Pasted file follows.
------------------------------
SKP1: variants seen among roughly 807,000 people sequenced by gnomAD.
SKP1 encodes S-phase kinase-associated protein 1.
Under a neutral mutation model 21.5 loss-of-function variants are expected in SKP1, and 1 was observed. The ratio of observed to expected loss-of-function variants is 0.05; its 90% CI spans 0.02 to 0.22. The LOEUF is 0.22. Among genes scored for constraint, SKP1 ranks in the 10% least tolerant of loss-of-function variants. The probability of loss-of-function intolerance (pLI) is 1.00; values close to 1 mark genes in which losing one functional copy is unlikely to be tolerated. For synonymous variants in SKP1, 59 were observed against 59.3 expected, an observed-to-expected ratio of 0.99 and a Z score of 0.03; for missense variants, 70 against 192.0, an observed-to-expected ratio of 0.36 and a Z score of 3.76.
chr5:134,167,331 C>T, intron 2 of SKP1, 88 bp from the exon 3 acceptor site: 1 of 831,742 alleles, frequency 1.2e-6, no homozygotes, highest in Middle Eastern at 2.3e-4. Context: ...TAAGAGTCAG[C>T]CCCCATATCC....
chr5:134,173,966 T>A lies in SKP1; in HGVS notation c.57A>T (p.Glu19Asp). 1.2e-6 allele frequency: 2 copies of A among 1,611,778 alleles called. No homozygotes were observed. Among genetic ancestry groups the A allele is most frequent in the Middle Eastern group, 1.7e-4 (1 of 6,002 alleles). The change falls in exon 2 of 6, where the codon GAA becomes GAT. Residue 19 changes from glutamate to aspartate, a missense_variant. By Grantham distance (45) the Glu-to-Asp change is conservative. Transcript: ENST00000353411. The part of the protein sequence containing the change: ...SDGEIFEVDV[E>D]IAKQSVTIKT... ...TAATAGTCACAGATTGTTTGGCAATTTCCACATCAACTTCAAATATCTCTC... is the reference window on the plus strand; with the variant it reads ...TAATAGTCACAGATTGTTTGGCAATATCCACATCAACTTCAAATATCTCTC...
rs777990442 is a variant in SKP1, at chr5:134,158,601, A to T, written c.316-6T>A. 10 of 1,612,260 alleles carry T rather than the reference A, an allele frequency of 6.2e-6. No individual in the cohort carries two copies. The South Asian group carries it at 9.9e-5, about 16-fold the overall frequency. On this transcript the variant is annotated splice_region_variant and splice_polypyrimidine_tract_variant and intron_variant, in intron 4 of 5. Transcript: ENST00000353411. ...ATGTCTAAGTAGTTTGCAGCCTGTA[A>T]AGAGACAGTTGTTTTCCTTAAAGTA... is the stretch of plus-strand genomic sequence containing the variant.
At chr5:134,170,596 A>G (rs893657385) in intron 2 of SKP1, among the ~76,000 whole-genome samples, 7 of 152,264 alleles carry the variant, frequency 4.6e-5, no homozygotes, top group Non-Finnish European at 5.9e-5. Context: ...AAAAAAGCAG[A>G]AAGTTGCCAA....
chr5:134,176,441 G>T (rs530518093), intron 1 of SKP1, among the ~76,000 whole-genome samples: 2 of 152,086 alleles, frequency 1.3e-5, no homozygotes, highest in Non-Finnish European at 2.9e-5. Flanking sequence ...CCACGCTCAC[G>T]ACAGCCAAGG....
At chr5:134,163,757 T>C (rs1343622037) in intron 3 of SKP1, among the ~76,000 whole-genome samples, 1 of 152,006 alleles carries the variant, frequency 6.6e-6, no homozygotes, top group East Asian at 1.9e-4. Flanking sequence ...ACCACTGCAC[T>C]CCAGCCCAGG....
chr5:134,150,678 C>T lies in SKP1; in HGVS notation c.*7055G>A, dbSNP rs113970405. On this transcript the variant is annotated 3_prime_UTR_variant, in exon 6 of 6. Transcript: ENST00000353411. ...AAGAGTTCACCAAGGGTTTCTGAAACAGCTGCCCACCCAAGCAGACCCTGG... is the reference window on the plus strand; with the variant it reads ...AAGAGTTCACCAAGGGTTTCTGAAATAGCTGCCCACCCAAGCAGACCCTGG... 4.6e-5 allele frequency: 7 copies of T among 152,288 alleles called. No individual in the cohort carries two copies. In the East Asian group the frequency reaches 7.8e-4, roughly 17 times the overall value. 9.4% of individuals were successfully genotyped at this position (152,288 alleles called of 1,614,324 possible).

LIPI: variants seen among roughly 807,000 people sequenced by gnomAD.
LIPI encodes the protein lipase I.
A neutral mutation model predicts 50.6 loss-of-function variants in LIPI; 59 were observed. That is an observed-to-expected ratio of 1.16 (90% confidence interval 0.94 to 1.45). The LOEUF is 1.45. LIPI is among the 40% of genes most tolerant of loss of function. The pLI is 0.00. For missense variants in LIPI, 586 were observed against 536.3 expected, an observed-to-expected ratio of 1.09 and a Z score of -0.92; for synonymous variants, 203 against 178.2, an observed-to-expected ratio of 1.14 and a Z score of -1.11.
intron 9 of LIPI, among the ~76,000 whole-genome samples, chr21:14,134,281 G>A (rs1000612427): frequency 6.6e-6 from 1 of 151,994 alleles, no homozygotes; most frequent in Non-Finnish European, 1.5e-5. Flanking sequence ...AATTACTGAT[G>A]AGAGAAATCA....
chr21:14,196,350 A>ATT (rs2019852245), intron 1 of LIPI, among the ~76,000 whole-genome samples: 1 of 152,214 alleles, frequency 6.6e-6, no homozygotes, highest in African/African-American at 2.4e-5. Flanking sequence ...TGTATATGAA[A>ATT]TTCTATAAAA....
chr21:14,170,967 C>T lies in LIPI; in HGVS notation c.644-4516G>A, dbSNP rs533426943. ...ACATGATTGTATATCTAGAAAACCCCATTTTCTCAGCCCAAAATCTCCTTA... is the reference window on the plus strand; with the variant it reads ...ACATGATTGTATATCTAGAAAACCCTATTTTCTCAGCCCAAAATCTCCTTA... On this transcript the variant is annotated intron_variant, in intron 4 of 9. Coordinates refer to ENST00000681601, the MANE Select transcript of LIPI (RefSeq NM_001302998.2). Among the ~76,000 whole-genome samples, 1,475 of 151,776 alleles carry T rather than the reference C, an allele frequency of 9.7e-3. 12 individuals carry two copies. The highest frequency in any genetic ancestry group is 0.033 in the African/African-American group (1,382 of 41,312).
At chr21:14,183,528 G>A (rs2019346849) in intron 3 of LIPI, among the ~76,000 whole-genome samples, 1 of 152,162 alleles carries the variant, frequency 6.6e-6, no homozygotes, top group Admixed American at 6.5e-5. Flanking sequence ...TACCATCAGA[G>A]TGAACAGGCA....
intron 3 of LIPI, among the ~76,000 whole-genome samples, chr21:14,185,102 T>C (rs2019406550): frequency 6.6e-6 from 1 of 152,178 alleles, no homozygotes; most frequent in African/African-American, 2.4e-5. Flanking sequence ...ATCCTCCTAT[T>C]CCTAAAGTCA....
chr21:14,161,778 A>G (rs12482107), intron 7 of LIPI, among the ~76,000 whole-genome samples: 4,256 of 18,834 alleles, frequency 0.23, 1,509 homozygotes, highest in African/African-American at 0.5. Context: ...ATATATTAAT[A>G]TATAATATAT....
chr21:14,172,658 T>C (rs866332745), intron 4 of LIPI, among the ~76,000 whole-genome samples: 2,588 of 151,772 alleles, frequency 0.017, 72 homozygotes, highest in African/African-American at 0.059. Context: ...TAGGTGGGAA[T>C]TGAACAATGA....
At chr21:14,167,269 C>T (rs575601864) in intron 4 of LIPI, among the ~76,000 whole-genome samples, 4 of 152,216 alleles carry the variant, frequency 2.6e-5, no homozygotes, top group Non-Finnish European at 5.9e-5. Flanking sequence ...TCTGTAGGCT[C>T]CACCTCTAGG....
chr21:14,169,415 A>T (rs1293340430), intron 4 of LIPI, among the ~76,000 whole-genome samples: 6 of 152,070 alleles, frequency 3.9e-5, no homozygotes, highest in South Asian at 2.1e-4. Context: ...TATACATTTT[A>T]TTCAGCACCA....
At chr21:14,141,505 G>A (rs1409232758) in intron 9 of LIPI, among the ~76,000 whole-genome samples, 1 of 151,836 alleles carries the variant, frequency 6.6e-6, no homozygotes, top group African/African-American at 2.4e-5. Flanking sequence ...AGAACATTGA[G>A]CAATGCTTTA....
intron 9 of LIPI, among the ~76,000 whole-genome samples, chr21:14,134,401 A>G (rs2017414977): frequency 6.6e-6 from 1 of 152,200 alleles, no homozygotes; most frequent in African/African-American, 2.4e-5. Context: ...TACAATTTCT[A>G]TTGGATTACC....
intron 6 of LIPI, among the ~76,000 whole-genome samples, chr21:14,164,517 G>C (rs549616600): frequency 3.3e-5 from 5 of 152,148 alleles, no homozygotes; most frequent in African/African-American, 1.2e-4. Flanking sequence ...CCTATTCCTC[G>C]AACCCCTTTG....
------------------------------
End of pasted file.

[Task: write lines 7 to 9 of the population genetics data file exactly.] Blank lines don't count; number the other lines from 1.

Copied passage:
At chr5:134,170,596 A>G (rs893657385) in intron 2 of SKP1, among the ~76,000 whole-genome samples, 7 of 152,264 alleles carry the variant, frequency 4.6e-5, no homozygotes, top group Non-Finnish European at 5.9e-5. Context: ...AAAAAAGCAG[A>G]AAGTTGCCAA....
chr5:134,176,441 G>T (rs530518093), intron 1 of SKP1, among the ~76,000 whole-genome samples: 2 of 152,086 alleles, frequency 1.3e-5, no homozygotes, highest in Non-Finnish European at 2.9e-5. Flanking sequence ...CCACGCTCAC[G>T]ACAGCCAAGG....
At chr5:134,163,757 T>C (rs1343622037) in intron 3 of SKP1, among the ~76,000 whole-genome samples, 1 of 152,006 alleles carries the variant, frequency 6.6e-6, no homozygotes, top group East Asian at 1.9e-4. Flanking sequence ...ACCACTGCAC[T>C]CCAGCCCAGG....